Krav Maga, or “combat contact” in Hebrew, is not the only defensive technique available. I am not an expert in any other fighting skill so I can’t and won’t recommend nor denigrate any other skill out there. What I will say is this: If your form of martial arts has points for winning in competition, then I hope there is a non-point technique in that system that teaches you to win in combat. In the Louisiana State Police, we boxed and fought for 17 weeks of our academy. We never spent much time with ground fighting skills. We used standard police tactics on cuffing and baton. They worked…usually if the subject was compliant. When you had a hype-aggressive subject you had to resort to OC spray or baton and TASER. With our video pervasive society, how does striking someone with a baton look today?

As a former Louisiana State Trooper, I think that many of the negative police incidents we see in the news today are a result of lack of hand-to-combat training; be it Krav Maga or some other technique. Most police officers are not comfortable with hands on fighting and typically rely on their TASER or OC spray, and ultimately their firearm. They have usually missed the first two levels of the continuum if their subject was non-compliant causing escalation. The consequences of a police officer using their weapon today can mean an end of their career even if they did everything correctly; it now depends on the optics of the situation unfortunately.

Overseas in Denmark and other Scandinavian countries, police shootings are relatively rare. There the police focus more on talking to offenders, but then rely on their hand-to-hand skills to take offenders into custody. I only illustrate that here to point out that the police there are very well trained in hand fighting skills and the results show.


As executive protection agents, the examination above can be applied to our profession and a requirement to protect our principle. Being comfortable with your own fighting skills will not only allow you to overcome an attacker(s), it also allows you to measure your response at the most efficient level and allows you and your client to depart that location. Anything that anchors you to that spot-failing to disable the attacker, multiple attackers your fighting skill doesn’t neutralize, taking too long, etc. is a failure in the EP world in that your client is exposed while you are engaged in hand-to-hand combat. Even if the attacker has a weapon, you will be anchored still in awaiting a police response if you use your firearm.

If we agree that firearms, although they have a place in this field, it is not nearly as important as our current EP culture would like, then the alternative is hand to hand combat skills. If that is the case, then we need to discuss the issues associated with that conclusion.

I would refer to an article that Molotov Mitchell posted in "Krav Life" and was excerpted from his upcoming book, "Sweaty, Bloody, Happy" and is titled, “Ten Furious Facts About Krav Maga” where he discusses the differences in Martial Arts and fighting skills.  He is a recognized expert in the field and a founder of Atlas Krav Maga Federation and current owner of Queen City Fight Club in Charlotte, NC. In this article he presents the pros and cons of each fighting skill and/or Martial Arts. In reviewing this material, I found that there are vast differences between each skill and also a lot of similarities for some. As a recent student of Krav Maga (Molotov Mitchell is my instructor), I have found that I am investing at least ten times the amount of training at Krav Maga than I spend cultivating my shooting skills. At this 10:1 ratio for an older guy, I am aware that maybe a younger EP provider can take less time. But are we practicing these skills? At a similar ratio? Where are the EP articles referencing hand combat versus firearms training?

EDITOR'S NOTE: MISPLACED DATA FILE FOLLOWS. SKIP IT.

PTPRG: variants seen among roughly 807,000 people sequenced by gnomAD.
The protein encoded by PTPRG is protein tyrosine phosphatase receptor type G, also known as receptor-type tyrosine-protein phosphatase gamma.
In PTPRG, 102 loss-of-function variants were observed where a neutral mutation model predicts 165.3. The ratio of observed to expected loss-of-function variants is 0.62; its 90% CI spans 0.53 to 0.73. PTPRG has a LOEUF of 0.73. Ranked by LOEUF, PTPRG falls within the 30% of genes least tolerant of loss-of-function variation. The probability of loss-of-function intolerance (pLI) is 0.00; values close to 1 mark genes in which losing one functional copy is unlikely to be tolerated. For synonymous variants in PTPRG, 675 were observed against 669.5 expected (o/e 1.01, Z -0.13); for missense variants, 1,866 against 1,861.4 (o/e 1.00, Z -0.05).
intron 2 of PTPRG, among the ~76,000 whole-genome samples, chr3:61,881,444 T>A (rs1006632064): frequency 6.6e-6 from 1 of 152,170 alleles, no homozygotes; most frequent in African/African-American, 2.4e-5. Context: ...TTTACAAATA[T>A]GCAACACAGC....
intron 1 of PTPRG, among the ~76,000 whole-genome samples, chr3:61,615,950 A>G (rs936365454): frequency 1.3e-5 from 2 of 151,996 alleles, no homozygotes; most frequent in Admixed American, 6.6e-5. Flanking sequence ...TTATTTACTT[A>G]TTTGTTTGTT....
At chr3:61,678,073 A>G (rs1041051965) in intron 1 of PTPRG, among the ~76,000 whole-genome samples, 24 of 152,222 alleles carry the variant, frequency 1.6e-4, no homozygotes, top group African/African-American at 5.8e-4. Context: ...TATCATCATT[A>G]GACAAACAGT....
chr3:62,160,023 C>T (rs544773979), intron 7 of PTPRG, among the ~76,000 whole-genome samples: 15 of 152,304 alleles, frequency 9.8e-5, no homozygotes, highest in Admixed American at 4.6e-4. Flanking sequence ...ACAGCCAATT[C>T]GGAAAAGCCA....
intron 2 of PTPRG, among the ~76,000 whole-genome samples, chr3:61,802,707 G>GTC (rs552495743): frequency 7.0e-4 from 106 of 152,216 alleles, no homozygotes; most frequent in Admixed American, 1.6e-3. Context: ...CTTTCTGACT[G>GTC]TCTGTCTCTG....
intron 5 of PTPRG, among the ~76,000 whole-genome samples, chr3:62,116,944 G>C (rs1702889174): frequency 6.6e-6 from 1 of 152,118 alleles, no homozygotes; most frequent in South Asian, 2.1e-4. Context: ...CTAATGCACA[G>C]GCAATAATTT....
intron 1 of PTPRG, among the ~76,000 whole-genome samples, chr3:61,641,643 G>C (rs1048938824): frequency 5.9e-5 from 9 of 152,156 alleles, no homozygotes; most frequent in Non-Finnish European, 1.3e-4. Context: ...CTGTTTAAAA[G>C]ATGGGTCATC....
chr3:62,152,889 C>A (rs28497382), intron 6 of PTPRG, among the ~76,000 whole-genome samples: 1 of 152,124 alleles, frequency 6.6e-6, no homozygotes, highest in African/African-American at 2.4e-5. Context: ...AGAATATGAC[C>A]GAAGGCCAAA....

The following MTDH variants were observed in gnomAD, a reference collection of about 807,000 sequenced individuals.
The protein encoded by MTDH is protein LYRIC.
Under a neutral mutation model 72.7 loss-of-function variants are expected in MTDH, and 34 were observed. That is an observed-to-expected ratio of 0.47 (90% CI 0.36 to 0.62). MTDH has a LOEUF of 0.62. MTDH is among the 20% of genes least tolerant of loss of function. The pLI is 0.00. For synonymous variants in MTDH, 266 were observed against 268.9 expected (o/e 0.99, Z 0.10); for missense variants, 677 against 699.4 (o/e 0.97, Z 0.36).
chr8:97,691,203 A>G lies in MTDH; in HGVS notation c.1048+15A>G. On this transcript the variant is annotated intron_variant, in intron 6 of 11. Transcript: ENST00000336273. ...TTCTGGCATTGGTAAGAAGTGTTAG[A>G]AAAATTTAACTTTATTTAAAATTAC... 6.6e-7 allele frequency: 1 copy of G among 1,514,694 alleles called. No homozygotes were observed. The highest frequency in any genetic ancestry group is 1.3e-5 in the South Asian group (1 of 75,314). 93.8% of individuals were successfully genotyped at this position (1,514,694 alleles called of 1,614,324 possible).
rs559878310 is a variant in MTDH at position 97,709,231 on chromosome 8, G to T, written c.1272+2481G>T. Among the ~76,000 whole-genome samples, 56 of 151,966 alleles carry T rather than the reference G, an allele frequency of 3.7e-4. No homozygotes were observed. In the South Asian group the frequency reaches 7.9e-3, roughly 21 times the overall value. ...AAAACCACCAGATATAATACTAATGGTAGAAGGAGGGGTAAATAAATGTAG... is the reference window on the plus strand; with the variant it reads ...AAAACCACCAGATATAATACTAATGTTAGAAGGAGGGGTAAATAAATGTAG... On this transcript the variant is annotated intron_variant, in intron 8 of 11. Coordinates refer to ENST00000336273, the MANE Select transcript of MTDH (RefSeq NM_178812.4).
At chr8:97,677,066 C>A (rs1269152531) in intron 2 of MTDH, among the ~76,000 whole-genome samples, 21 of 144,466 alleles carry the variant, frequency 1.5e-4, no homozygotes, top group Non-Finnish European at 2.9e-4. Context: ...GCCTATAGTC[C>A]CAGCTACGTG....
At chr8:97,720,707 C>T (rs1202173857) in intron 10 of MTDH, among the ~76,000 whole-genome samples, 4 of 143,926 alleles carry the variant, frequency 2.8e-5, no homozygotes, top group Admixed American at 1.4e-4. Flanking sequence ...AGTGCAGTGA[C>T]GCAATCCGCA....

Are there appropriate times to use your firearm? Absolutely, but only as a last resort, realizing that you have failed in your threat analysis, and your mission planning to prevent it. At the end of the day, saving your client is what counts. 

If you can study an appropriate martial art or Krav Maga, then I recommend you fully do so. Another benefit gained is when sparring in Krav Maga you are in fact doing High Intensity Training (HIT) that will improve both your fast-twitch muscular development and your cardio. Both are worthy gains. It is a comprehensive, taxing workout!


Finally, planning and threat assessment are truly the way to prevent most issues on the field in EP. As Matthew Parker states in his basic EP class (Independent Security Advisors, - if you have to use your weapon in the field then you have failed in your threat assessment. Mike Vaden related that history shows us that most attacks on a principle are during transportation, specifically arrivals, departures, and direction changes (slowing to make a turn); This was shown by the attack on President Ronald Reagan by Hinkley. There have been numerous attempts on principles in these specific areas where an armored car, and good threat assessment has saved the life of the principle.

In reviewing the above points, I would suggest that EP professionals’ training needs to focus on planning and threat assessment, hand to hand fighting skills of the type that are truly useful, driving skills, medical aid, actions on contact, then firearms and all the rest. Think about your training. What changes would you make?